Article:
Friday, July 06, 2018

Perhaps I could quiz my students?
Business, Technology, and Ethics: The Need for Better Conversations
… Two examples illustrate how the intersection of business, technology, and ethics can be problematic. First, let’s look at Facebook’s recent troubles. The social network sold data to companies that were trying to influence the 2016 U.S. presidential election. It also took money for nearly 3,000 political ads from foreign entities without disclosing who purchased them. The results have been devastating to the company. Many people have closed their accounts, and Facebook CEO Mark Zuckerberg has had to apologize and defend the company to inquiries from the U.S. Congress and European regulators. It is unclear what the long-term results of these incidents will be for both the company and for Facebook users.
Google faced similar problems, but it had a completely different response. In 2006, Google began operating within the Chinese market under that government’s condition that Google would censor any content that Chinese authorities saw as offensive, such as coverage of the Tiananmen Square demonstrations of 1989. But after Chinese hackers began attacking the company and the Gmail accounts of Chinese human rights activists, Google reversed its decision to assist the government in suppressing information. Google has since taken a censorship-free approach to the market largely due to the views of its stakeholders, who are mostly in favor of an open internet.

Always! (Do I win a prize for answering correctly?)
… If you search around the internet, you’ll find that most writing about algorithmic explainability falls into two camps. Advocates for rapid technology adoption often argue that humans are no better at explaining decisions than machines, and so we should table the question to accelerate innovation. These rhetorical arguments do not help professionals responsible for regulatory compliance. On the other hand, critics demand stringent requirements for transparency and vilify a “move fast and break things” culture. These arguments can stifle adoption, as not all machine learning use cases require the same level of oversight and accountability — some decisions are more important to be able to explain than others.

Plead “Crazy!”
Steven D. Zansberg of Ballard Spahr writes:
Judge Carlos E. Samour, Jr., on June 29 ordered unsealed the court filings surrounding psychiatric evaluations of James Eagan Holmes, the man convicted of killing 12 people and wounding 70 others in the Aurora, Colorado, theater shooting on July 20, 2012. As a result, the public will be able to see, for the first time, the reports two independent psychiatrists filed with the Court, and the treatment notes of two University of Colorado mental health professionals who counseled Mr. Holmes before his deadly rampage.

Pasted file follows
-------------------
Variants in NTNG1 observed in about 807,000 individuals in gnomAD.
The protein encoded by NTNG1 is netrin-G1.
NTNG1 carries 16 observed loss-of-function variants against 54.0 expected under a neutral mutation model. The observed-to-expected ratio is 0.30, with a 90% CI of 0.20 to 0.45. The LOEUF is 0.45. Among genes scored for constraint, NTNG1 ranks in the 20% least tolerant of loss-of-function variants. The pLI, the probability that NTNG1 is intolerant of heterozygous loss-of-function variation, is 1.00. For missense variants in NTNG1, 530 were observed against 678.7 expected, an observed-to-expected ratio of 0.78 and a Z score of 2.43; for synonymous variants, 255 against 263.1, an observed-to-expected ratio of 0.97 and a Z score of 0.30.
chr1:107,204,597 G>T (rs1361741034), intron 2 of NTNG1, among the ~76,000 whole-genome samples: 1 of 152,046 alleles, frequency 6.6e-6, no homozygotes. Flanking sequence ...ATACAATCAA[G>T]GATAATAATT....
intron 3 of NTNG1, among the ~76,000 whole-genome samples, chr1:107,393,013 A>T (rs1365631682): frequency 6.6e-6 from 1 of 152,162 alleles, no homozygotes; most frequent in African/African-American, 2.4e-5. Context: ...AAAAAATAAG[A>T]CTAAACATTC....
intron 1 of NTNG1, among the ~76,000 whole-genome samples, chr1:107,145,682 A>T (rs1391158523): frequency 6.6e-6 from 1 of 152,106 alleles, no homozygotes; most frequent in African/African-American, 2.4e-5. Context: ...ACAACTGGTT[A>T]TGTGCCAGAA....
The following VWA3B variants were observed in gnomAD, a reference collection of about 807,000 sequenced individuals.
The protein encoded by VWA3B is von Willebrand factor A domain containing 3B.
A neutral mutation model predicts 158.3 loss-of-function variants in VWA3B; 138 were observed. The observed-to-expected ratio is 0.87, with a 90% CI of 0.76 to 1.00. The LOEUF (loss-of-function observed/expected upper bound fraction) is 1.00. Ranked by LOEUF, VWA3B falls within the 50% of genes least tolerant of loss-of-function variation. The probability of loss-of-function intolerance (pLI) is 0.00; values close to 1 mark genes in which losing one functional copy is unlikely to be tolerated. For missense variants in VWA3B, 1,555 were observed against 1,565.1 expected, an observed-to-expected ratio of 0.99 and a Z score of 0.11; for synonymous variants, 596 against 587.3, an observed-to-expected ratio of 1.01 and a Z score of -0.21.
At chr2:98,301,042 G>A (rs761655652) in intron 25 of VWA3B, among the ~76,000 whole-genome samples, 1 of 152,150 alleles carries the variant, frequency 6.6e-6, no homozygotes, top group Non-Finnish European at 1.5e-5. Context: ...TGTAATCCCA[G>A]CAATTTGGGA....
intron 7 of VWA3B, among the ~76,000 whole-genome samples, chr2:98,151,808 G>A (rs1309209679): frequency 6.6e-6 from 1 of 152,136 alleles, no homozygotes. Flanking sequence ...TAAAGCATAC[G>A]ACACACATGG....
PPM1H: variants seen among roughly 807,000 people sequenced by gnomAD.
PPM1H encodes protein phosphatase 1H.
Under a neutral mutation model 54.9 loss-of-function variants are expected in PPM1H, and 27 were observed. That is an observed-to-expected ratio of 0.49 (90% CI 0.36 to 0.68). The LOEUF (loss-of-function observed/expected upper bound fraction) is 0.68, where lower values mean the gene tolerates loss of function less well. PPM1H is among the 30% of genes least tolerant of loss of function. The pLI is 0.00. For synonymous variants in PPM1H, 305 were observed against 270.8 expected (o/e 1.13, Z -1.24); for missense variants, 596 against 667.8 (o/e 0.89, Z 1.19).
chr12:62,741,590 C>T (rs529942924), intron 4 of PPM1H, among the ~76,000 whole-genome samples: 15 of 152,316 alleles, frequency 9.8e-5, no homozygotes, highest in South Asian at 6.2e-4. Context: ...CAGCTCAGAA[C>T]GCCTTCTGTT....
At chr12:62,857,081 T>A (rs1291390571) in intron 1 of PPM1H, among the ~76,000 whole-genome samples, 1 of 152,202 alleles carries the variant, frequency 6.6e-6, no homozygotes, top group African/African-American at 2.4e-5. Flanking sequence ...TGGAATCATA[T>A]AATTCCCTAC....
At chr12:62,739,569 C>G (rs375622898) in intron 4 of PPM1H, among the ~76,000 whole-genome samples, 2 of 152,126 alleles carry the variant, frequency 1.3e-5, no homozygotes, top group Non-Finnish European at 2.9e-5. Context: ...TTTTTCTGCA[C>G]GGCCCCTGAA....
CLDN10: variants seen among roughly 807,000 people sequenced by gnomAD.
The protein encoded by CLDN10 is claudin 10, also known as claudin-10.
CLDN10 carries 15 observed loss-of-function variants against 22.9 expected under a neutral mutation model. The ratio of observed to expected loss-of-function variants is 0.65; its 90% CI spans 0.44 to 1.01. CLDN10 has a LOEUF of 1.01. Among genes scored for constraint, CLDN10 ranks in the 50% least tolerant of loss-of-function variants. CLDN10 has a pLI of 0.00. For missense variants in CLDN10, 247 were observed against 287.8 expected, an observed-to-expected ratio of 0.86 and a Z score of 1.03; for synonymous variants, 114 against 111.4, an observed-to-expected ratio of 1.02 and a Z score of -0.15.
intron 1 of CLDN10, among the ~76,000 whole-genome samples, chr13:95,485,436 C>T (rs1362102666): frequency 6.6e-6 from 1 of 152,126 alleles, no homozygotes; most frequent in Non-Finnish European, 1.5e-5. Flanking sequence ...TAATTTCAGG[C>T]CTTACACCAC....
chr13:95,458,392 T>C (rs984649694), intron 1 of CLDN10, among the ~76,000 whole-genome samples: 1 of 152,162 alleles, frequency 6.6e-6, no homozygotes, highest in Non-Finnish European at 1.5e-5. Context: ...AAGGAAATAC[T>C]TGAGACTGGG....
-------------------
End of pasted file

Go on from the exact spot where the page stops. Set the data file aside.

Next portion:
The ruling may be of significance beyond Colorado because it instructs judges elsewhere that reports of court-appointed psychiatric expert witnesses are not privileged and that defendants who place their mental state at issue in a criminal case thereby waive their doctor-patient privilege in actual treatment records that are entered into evidence.
Read more on The National Law Review.

Were the Supremes too quick?
Zing-a-ding. reports:
State supreme courts do not always agree with the constitutional pronouncements of the US Supreme Court. State courts are free to cite more stringent provisions of their state constitutions if they wish to provide greater protections for residents. The Iowa Supreme Court did just that last week when it shot down the federal court’s doctrine allowing police to search any car at will without a warrant merely by finding a reason to tow it away so an “inventory” search can be made.
“We accept the invitation to restore the balance between citizens and law enforcement by adopting a tighter legal framework for warrantless inventory searches and seizures of automobiles under article I, section 8 of the Iowa Constitution than provided under the recent precedents of the United States Supreme Court,” Justice Brent R. Appel wrote. “In doing so, we encourage stability and finality in law by decoupling Iowa law from the winding and often surprising decisions of the United States Supreme Court.”
[From the article:
"The end result of Whren, Atwater, and Bertine is law enforcement has virtually unlimited discretion to stop arbitrarily whomever they choose, arrest the driver for a minor offense that might not even be subject to jail penalties, and then obtain a broad inventory search of the vehicle – all without a warrant," Justice Appel wrote. "When considered in context, the inventory search does not emerge as something for the benefit of the owner or driver, but instead is a powerful unregulated tool in crime control."

Perspective. An interesting read…
How the Blockchain Can Transform Government

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